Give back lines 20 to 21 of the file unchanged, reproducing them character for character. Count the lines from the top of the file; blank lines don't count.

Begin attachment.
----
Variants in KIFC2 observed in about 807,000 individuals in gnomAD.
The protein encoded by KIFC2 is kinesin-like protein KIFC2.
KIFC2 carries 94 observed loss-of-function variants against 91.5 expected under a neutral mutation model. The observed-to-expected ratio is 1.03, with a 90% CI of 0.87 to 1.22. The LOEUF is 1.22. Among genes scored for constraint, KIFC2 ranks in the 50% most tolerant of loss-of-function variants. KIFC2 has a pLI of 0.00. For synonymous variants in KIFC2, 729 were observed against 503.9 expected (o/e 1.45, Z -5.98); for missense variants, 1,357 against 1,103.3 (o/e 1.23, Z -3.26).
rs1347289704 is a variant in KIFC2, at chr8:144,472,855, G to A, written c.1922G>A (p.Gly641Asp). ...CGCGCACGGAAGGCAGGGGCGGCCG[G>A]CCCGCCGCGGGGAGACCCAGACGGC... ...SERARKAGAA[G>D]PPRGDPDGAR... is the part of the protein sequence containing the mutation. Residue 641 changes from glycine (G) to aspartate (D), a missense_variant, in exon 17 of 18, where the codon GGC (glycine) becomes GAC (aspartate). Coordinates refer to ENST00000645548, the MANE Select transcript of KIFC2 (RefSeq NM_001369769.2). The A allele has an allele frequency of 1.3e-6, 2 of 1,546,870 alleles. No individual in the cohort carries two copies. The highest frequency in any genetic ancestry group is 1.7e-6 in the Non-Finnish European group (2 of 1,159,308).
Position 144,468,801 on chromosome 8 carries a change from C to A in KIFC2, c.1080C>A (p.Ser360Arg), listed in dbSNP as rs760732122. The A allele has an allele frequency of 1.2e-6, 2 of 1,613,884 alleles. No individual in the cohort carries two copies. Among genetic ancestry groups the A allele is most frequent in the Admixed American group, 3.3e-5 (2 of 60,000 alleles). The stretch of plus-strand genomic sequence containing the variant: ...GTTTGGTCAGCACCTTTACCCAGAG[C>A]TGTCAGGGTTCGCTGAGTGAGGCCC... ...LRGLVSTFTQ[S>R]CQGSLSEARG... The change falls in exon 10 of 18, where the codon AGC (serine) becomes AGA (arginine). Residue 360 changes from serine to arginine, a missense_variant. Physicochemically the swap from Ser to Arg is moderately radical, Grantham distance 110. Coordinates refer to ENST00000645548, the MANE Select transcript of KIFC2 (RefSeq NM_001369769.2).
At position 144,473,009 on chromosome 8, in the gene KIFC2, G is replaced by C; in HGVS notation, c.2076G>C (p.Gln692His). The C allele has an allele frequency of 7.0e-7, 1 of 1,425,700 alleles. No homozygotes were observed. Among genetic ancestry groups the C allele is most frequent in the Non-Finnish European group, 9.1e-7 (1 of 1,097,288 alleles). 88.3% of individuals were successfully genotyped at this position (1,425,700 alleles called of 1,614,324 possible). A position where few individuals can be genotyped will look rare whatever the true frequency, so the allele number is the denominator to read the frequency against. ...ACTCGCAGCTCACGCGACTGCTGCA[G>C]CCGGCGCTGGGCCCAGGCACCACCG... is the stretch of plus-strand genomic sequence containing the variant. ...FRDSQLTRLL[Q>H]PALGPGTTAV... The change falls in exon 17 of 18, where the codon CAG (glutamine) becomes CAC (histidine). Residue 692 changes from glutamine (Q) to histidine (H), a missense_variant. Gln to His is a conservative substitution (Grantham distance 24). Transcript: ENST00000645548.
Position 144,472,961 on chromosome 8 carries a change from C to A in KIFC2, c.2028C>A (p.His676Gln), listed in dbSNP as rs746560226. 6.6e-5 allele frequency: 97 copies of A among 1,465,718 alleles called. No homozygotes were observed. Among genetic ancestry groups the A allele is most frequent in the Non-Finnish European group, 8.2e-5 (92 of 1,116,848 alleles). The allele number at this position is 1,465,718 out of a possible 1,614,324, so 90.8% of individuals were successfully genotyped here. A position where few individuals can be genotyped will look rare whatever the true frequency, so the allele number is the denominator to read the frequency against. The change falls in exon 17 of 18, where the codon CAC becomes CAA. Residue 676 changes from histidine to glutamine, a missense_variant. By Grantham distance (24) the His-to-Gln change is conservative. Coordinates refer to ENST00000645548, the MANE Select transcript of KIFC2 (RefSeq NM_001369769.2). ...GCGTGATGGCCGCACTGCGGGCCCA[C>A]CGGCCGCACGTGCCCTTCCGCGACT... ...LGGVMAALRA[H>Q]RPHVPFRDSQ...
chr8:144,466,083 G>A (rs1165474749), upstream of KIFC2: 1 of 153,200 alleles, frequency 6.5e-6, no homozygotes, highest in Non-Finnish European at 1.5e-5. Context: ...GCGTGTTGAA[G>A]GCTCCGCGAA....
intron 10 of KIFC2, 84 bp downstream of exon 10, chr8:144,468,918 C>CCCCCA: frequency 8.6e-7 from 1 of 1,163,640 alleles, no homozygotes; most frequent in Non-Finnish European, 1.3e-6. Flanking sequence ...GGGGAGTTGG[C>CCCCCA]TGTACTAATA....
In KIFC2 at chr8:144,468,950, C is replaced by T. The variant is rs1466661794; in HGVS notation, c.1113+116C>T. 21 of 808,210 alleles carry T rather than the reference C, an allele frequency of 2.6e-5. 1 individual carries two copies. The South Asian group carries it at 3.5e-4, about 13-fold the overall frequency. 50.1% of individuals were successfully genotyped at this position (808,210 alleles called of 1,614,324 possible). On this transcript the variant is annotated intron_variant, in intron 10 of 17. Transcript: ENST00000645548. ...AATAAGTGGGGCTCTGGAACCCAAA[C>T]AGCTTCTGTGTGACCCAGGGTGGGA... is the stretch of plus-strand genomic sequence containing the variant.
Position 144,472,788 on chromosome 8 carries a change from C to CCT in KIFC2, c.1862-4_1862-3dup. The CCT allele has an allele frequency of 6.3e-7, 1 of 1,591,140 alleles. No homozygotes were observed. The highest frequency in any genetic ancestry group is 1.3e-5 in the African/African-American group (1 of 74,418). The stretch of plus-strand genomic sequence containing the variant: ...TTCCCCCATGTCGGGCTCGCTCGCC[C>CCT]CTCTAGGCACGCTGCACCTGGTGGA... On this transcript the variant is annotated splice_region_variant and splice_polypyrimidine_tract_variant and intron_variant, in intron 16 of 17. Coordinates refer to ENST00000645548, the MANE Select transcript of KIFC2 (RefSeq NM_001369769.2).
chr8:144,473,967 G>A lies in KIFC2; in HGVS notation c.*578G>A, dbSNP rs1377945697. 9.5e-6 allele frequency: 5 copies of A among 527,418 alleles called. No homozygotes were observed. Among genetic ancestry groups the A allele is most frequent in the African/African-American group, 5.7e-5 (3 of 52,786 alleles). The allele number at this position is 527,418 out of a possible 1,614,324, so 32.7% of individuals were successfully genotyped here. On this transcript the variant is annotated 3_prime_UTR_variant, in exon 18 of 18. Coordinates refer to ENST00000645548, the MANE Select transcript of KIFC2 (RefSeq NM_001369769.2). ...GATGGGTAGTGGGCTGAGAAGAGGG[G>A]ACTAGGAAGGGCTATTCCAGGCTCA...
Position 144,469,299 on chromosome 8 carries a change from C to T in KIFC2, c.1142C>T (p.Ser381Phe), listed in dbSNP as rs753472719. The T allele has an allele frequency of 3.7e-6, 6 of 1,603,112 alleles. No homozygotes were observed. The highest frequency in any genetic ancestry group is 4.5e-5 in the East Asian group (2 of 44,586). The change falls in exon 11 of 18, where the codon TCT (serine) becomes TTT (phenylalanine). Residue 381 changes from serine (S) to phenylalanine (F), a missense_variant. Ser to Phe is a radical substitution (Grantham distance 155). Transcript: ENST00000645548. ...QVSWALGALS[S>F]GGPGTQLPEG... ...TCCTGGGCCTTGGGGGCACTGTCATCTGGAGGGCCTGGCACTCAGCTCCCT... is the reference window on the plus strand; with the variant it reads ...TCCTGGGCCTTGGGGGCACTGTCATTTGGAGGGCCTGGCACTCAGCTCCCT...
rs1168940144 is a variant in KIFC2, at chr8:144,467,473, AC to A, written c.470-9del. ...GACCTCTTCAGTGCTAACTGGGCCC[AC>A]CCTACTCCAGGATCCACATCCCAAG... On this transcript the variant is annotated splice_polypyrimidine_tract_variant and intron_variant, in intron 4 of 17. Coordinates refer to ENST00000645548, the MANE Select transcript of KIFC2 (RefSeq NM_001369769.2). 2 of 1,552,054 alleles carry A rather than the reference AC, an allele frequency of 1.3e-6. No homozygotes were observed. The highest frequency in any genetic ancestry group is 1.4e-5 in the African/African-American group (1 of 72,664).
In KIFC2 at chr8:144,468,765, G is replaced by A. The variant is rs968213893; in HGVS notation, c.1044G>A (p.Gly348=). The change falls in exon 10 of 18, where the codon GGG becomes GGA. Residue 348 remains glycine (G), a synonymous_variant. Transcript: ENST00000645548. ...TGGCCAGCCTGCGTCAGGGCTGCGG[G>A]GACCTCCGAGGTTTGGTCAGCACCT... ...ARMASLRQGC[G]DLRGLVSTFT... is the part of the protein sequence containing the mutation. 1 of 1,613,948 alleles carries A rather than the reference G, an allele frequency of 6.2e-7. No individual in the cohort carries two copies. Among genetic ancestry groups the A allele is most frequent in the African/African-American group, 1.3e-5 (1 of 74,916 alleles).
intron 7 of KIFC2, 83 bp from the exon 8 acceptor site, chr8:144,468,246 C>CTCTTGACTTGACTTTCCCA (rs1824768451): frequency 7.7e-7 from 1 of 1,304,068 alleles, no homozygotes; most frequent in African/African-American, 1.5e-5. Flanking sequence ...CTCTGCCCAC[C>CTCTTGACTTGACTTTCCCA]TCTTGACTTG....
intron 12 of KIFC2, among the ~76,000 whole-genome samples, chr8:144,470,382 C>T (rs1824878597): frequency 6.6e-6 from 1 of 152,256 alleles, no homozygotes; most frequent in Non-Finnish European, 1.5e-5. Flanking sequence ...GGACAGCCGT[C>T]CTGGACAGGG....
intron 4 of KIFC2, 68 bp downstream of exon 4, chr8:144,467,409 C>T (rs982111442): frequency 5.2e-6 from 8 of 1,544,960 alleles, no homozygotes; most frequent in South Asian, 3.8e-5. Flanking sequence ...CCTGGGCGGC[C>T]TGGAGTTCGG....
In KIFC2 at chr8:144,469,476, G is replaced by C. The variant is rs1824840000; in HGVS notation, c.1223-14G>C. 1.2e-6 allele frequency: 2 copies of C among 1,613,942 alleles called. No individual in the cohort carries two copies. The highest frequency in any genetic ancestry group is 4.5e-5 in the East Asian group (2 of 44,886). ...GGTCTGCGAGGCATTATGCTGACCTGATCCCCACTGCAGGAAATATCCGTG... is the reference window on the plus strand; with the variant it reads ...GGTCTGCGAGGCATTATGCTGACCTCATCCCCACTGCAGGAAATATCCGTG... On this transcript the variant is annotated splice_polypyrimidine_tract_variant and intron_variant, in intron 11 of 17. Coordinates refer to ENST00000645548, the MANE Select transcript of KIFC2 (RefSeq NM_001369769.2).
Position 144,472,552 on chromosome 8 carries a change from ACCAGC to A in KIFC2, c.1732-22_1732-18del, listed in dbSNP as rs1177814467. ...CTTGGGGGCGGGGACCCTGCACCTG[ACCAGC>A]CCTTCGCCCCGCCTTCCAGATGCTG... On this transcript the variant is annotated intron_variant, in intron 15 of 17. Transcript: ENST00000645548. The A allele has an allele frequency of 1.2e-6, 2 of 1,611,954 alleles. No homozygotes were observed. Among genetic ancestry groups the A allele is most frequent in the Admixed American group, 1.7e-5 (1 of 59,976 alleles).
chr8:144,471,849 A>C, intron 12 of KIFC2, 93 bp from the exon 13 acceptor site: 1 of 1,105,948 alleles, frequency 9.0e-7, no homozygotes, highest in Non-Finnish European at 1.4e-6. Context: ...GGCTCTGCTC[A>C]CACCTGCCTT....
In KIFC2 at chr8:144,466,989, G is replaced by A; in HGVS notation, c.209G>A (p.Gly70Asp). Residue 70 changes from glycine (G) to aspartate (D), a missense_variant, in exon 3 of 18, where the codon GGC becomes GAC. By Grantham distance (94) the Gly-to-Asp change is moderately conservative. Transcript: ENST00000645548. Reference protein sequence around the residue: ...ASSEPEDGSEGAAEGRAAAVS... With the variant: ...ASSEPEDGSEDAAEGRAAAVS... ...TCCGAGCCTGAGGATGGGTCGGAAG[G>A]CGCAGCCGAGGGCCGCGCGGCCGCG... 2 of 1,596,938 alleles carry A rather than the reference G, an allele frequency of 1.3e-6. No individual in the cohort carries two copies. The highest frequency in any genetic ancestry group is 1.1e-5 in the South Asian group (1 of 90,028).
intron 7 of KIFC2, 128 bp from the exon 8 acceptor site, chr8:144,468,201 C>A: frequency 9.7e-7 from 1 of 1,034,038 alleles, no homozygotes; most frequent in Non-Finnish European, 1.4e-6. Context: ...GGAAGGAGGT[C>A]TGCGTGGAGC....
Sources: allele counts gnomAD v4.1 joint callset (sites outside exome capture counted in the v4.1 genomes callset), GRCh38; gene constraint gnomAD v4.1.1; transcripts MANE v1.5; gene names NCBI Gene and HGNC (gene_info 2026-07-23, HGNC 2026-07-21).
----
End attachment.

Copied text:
Position 144,472,552 on chromosome 8 carries a change from ACCAGC to A in KIFC2, c.1732-22_1732-18del, listed in dbSNP as rs1177814467. ...CTTGGGGGCGGGGACCCTGCACCTG[ACCAGC>A]CCTTCGCCCCGCCTTCCAGATGCTG... On this transcript the variant is annotated intron_variant, in intron 15 of 17. Transcript: ENST00000645548. The A allele has an allele frequency of 1.2e-6, 2 of 1,611,954 alleles. No homozygotes were observed. Among genetic ancestry groups the A allele is most frequent in the Admixed American group, 1.7e-5 (1 of 59,976 alleles).
chr8:144,471,849 A>C, intron 12 of KIFC2, 93 bp from the exon 13 acceptor site: 1 of 1,105,948 alleles, frequency 9.0e-7, no homozygotes, highest in Non-Finnish European at 1.4e-6. Context: ...GGCTCTGCTC[A>C]CACCTGCCTT....